The following story appears in the print edition of today’s Telegraph:
BRITAIN’S former military commander in Iraq has extravagantly praised a dictatorial Arab regime after it paid his company £1.5million to “support [its] stance before the international community”.
Lt Gen Sir Graeme Lamb, a former director of Special Forces and commander of the Field Army, last month described the Gulf state of Bahrain as a “little gem… the leading point of change, reforms and progress since the 1920s” and attacked the Western media for “unfairly” lumping it in with Tunisia, Libya and Syria.
“There it is just systematic, state-sponsored abuse of its own people,” he told Bahrain’s Gulf Daily News. “And nothing can be further from the truth here.”
At least 50 civilians have been killed, according to Amnesty International, after Bahraini and Saudi forces put down non-violent demonstrations last spring calling for political reform, democracy and an end to Sunni domination over the country’s Shia majority.
In proportion to Bahrain’s tiny population, the death toll is higher than in Tunisia or Egypt. Five members of the security forces have also died.
At least 30 places of worship have been destroyed by the regime and medical staff at the main hospital were jailed for up to 15 years in military courts for treating protesters, though retrials in civilian courts have been ordered following an international outcry.
Gen Lamb has recently complained in the British media that Bahrain has been “hounded“. He called for a more “balanced viewpoint” and said “majority rule was tried in the early years of independence and failed”.
He partly blamed the uprising on “Iranian malevolent influence” and said the West should listen to the country’s “silent majority”.
Tender documents on the Bahraini government website show that last July, the regime’s media council paid £1.5million to a British company described as “3G (UK)” for “a media campaign to support the Kingdom of Bahrain’s stance before the international community”.
The only British lobbying company called 3G said it worked exclusively for UK clients and had received no payment from Bahrain.
Gen Lamb confirmed that the company referred to was in fact the Good Governance Group, also known as G3, for which he is a “special adviser”.
“I now know that is the case [that G3 was paid by Bahrain],” he said.
“A number of people are trying to add two and two together to make four, or six. You’ll say whatever you are going to say, but [my support for Bahrain] is not part of that contract. It is something that I have believed for a long time and it is nothing to do with any business interests I have.”
Last year G3, which employs former service chiefs, officials and diplomats, was drawn into Liam Fox’s resignation as defence secretary after it emerged that it had paid international travel costs for Dr Fox’s close friend, Adam Werrity.
A spokesman for G3 refused to comment.
Gen Lamb is also a director of Aegis Defence, which has one of its four overseas offices in Bahrain.
Since the killings, the tender documents show, the Bahraini government appears to have mounted an intense but subterranean public relations offensive to rehabilitate its image.
Since last March it has signed contracts worth more than £15million with at least six other British-based PR, media or marketing firms, including YouGovStone, Hill &Knowlton, Bell Pottinger, M &C Saatchi, Mark Stewart Productions Ltd, and Mediaedge.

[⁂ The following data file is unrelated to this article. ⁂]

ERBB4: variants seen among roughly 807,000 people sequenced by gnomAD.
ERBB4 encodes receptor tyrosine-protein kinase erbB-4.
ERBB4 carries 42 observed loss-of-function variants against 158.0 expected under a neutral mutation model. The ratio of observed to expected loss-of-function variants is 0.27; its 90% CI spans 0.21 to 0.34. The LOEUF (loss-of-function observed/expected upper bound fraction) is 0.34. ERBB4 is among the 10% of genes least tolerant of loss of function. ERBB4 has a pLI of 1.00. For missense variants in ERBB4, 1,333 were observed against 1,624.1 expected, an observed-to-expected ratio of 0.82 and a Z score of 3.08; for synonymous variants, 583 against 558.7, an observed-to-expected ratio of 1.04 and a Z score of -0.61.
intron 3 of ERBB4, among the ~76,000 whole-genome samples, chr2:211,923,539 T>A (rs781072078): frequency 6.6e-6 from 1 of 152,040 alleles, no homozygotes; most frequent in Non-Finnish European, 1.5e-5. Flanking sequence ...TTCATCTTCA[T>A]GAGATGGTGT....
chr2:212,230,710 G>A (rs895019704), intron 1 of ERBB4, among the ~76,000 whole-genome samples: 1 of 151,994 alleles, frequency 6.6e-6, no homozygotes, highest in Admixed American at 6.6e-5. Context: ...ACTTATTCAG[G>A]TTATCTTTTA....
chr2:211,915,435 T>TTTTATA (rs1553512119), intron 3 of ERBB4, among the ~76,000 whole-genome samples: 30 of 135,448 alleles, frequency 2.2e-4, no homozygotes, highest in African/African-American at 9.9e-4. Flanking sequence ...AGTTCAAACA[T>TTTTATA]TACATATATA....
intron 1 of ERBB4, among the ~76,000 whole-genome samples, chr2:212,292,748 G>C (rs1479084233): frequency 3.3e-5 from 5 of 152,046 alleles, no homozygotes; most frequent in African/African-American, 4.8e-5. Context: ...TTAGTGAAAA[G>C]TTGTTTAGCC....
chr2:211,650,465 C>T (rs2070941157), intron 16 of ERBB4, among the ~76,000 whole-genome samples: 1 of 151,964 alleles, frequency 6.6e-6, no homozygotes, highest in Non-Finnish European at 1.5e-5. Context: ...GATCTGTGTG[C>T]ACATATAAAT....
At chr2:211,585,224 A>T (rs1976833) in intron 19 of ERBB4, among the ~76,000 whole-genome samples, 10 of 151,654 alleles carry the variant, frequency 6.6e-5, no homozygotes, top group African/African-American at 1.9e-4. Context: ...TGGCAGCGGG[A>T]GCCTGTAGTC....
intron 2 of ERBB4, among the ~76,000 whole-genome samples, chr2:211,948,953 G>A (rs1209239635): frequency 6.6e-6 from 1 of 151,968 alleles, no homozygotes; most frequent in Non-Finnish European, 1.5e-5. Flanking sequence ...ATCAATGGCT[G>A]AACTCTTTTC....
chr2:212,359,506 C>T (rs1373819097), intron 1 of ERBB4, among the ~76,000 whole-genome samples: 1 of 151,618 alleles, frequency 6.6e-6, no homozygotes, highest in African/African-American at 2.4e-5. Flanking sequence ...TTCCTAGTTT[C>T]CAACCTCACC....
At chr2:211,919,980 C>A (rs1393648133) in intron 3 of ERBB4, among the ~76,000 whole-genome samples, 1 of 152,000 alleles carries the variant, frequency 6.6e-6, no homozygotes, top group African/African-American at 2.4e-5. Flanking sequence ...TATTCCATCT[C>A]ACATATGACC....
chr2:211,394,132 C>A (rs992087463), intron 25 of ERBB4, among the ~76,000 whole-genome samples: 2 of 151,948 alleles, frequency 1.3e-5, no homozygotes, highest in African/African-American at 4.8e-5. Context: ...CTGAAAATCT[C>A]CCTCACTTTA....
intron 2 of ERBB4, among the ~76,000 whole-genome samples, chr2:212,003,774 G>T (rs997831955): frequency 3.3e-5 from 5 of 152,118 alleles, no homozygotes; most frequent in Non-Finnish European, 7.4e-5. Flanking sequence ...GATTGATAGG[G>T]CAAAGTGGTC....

The operation appears to have been increasingly successful. Next month the country will host a Formula One Grand Prix.
The Government’s condemnation of Bahrain has been far more muted than of Syria or Libya and Britain has continued to sell arms to the regime.
In December David Cameron hosted King Hamad al-Khalifa at Downing Street. The US Fifth Fleet is based in Bahrain and the West regards the country as an essential base for any attack on nearby Iran.
The son of a prominent Bahraini dissident told The Sunday Telegraph that a British Foreign Office official tried to stop his father, who had taken refuge in London, from returning to Bahrain to join the uprising.
Ali Mushaima said the official rang his father, Hasan, secretarygeneral of the democratic Haq Movement, as they were driving to the airport. “They were literally pleading with my father not to go back,” said Mr Mushaima, who heard the call.
“They said he should wait until the regime began dialogue. I am sure the Foreign Office made a deal with the Bahraini government to try and stop him.” Hasan Mushaima carried on to the flight and was greeted by large crowds when he arrived in Bahrain.
After the crackdown, however, he was arrested and sentenced to life imprisonment for “attempting to overthrow the monarchy”.
His family say he has been tortured and denied medical care for his cancer.
Gen Lamb and the regime claim that Bahrain is reforming. An independent inquiry was held to investigate the bloodshed and recommend improvements.
Efforts at “dialogue” have begun, though many opposition figures have boycotted them. Last month, however, Amnesty International said the regime had “not delivered” on its promised reforms and few political prisoners had been freed. Arrests, torture and the use of force against protesters continue.
Mr Mushaima said: “The people of Bahrain are waiting for action from you, the West. It is shameful the British Government believes in human rights for Libyans and Syrians, but not for people in Bahrain. And as for those people who take money from the dictatorship, shame on them.”